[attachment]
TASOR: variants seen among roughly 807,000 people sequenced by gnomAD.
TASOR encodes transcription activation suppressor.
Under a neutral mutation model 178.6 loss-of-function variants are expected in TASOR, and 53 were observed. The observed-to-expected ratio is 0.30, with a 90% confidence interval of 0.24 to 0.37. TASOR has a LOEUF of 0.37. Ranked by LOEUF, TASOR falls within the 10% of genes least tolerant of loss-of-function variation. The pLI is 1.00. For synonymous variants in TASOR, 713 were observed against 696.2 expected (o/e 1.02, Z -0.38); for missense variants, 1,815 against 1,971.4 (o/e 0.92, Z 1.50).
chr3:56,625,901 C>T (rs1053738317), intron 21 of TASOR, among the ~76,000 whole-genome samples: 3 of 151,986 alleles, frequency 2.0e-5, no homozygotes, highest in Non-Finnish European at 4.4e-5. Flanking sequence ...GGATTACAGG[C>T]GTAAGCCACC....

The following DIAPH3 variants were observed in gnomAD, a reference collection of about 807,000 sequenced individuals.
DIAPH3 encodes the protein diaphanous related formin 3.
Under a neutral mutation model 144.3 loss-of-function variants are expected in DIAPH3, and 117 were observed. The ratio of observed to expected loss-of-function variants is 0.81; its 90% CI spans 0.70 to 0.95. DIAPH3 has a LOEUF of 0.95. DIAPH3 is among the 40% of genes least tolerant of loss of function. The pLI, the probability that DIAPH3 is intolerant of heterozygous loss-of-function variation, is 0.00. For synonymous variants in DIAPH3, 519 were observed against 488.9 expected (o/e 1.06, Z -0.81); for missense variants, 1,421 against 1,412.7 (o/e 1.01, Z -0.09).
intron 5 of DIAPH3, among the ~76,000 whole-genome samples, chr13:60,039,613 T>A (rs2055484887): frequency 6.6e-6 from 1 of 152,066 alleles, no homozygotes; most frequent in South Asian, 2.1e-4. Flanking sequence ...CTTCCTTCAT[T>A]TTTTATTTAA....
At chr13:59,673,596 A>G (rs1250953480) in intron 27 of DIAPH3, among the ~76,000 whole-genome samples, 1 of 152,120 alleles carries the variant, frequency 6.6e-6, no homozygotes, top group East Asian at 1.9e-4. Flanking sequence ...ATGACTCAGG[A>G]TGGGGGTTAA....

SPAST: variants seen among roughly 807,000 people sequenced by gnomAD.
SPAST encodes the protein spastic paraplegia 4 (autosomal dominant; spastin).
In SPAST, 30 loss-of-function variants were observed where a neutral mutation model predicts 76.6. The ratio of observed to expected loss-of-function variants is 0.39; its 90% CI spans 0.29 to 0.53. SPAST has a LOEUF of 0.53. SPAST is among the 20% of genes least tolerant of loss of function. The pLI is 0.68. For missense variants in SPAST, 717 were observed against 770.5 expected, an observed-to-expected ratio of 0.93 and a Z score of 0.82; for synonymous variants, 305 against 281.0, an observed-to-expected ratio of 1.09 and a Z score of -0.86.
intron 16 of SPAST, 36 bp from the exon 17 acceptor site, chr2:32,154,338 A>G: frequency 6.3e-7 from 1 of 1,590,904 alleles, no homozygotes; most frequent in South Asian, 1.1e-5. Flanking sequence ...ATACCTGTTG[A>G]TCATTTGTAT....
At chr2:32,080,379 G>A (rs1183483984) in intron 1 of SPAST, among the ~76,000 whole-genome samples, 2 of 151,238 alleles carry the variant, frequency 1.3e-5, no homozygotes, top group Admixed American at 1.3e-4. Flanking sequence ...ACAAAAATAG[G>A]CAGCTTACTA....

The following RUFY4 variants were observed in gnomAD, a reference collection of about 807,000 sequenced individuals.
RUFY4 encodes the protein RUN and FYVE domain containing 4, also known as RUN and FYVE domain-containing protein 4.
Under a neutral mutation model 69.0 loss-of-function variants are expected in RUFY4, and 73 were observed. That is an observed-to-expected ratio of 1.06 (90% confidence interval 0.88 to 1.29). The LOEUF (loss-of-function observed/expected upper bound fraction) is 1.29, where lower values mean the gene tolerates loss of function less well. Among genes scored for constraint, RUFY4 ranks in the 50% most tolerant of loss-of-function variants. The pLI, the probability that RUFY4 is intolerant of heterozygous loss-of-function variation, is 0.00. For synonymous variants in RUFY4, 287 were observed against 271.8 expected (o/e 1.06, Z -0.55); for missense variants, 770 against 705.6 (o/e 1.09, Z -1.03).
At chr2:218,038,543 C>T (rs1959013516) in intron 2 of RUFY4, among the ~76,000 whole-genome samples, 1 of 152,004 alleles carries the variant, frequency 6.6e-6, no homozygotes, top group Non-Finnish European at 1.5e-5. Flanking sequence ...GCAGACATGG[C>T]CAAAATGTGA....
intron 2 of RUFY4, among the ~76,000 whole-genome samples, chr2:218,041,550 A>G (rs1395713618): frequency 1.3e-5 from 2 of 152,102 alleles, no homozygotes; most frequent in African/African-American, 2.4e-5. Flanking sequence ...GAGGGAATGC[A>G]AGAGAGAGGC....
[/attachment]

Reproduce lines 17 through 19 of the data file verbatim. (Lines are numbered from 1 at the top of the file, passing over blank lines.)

Under a neutral mutation model 69.0 loss-of-function variants are expected in RUFY4, and 73 were observed. That is an observed-to-expected ratio of 1.06 (90% confidence interval 0.88 to 1.29). The LOEUF (loss-of-function observed/expected upper bound fraction) is 1.29, where lower values mean the gene tolerates loss of function less well. Among genes scored for constraint, RUFY4 ranks in the 50% most tolerant of loss-of-function variants. The pLI, the probability that RUFY4 is intolerant of heterozygous loss-of-function variation, is 0.00. For synonymous variants in RUFY4, 287 were observed against 271.8 expected (o/e 1.06, Z -0.55); for missense variants, 770 against 705.6 (o/e 1.09, Z -1.03).
At chr2:218,038,543 C>T (rs1959013516) in intron 2 of RUFY4, among the ~76,000 whole-genome samples, 1 of 152,004 alleles carries the variant, frequency 6.6e-6, no homozygotes, top group Non-Finnish European at 1.5e-5. Flanking sequence ...GCAGACATGG[C>T]CAAAATGTGA....
intron 2 of RUFY4, among the ~76,000 whole-genome samples, chr2:218,041,550 A>G (rs1395713618): frequency 1.3e-5 from 2 of 152,102 alleles, no homozygotes; most frequent in African/African-American, 2.4e-5. Flanking sequence ...GAGGGAATGC[A>G]AGAGAGAGGC....